Recently staffed writers share what has worked for them.
Without delving into platitudes about how unprecedented these times are, or debating the semantics of what constitutes the “new normal,” it’s fair to say that looking for work right now is stressful.
We reached out to a number of recently staffed writers—people who were hired after the stay-at-home orders—to get their advice on how they navigated the current staffing landscape. Here is what they had to say:
- Research. “Track what's being developed, track what's started production. Try to read the scripts if you can get your hands on them. If you are lucky to have a meeting, get as familiar as you can with the show/series/pilot/IP and find a personal connection to talk about that is part of your genuine self as it relates to the material.”—Davy Perez (Star Trek: Strange New Worlds)
- Network. “Get the word out—it doesn't matter if it's been two years or two months. Reach out to anyone and everyone you've made a connection with. You never know when an old friend/contact will hear about a job you might be perfect for, but they won't be thinking of you if they haven't heard from you in a while. Be polite. Be respectful. And be bold.”—Christina Walker (The Flash)
- Make a personal connection. “In staffing meetings, remember to highlight how you connect personally with the material or a specific character. Your boss wants you to be able to draw from your own life experiences.”—Alyssa Lane and Alex Sherman (Teenage Bounty Hunters)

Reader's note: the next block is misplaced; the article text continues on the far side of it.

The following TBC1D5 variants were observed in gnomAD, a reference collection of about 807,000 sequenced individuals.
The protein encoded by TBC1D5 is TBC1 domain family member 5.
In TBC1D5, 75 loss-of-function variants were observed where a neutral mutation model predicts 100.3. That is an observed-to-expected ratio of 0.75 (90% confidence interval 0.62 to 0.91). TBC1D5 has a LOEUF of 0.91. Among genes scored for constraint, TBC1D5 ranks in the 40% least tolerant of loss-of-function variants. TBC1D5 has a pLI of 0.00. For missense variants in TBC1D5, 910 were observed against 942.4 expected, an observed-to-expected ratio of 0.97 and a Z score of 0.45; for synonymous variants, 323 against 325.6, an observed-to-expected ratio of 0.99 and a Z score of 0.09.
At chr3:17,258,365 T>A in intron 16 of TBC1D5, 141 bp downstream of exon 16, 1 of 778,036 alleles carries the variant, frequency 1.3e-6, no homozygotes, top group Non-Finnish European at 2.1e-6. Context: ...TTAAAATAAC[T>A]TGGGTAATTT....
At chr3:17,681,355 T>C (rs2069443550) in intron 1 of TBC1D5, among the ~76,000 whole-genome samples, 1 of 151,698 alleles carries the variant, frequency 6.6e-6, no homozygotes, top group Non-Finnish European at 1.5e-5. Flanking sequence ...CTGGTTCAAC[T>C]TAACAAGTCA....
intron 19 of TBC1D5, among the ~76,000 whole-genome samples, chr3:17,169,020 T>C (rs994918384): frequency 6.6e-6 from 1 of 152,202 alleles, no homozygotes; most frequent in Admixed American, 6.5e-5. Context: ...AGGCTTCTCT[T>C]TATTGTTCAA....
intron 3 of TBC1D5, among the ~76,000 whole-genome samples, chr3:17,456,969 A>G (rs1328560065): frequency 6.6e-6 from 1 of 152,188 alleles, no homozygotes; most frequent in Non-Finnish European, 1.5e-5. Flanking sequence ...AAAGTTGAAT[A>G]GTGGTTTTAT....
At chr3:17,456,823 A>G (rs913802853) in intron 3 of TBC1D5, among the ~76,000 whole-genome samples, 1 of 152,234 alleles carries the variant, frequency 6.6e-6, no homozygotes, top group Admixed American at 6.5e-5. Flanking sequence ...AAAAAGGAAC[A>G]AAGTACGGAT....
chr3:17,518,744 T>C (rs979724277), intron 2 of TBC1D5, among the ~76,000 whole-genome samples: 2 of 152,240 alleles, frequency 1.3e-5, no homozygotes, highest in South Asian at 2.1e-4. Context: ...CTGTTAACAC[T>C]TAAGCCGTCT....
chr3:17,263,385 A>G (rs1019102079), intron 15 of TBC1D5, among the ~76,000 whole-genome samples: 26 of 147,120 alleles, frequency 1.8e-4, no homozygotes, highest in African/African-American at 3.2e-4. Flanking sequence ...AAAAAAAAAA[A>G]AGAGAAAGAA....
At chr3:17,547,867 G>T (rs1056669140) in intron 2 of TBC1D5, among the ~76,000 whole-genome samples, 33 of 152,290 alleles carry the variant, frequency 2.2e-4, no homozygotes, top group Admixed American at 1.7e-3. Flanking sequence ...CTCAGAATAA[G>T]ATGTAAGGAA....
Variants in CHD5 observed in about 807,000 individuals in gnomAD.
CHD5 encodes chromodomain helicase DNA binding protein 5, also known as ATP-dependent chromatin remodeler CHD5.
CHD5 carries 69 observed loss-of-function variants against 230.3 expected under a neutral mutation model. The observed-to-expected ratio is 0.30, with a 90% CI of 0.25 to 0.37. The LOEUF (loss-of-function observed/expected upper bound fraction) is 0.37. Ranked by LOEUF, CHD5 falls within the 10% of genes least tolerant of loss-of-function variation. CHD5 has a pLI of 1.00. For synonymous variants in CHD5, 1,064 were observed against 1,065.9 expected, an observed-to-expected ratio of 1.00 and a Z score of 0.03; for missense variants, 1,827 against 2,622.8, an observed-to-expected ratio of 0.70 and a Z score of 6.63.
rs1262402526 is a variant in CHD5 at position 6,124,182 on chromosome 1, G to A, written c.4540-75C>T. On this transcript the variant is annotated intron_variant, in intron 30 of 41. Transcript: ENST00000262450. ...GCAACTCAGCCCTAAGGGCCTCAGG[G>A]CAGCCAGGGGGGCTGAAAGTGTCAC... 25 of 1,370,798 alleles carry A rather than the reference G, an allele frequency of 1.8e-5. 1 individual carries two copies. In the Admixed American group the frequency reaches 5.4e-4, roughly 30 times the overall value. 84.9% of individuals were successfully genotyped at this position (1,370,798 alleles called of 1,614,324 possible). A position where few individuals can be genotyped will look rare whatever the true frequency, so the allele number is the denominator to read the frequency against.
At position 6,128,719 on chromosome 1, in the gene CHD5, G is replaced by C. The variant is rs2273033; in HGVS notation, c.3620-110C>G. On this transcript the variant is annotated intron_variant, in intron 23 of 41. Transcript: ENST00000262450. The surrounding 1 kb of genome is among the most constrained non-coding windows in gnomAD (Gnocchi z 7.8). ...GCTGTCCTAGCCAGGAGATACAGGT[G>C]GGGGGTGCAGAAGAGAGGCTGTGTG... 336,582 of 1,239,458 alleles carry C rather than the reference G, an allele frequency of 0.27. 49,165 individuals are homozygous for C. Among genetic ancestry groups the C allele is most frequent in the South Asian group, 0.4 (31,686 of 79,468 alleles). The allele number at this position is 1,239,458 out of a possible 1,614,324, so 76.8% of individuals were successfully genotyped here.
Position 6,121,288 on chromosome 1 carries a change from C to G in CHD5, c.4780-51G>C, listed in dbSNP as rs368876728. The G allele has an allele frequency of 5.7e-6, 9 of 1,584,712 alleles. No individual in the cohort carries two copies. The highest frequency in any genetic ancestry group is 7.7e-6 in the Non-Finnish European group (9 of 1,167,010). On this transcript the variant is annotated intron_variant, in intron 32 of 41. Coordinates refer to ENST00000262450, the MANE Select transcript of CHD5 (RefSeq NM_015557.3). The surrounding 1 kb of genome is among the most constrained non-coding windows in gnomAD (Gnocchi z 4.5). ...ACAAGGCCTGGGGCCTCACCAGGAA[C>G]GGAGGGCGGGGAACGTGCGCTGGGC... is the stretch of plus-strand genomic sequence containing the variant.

- Build a varied portfolio of writing samples. “Think about all the shows you would love to write on, and consider what writing samples you would send to them. If you have gaps in your portfolio, start working on a new writing sample. Be like Hamilton—write your way into your next gig! BONUS: Having more samples also makes you more attractive to agents and managers, so it’s a win-win.”—Teresa Huang (MacGyver)
- Give yourself a break! This piece of advice was ubiquitous. Don’t take rejection personally. It’s ok to feel frustrated and overwhelmed. It’s not ok to give up. Keep writing, keep networking, and persist.
Remember, the WGA Platform is a powerful resource to help you network, research, and put your best foot forward. Members can use the TV Development Project Tracker to stay on top of projects being developed and produced. Sort by most recent to see the latest projects, or sort by scripts and start reading. Keep your profile up to date and ready for staffing by filling out your availability, your experience, and attaching writing samples.
Have a staffing tip you want to share? Let us know by emailing Connect.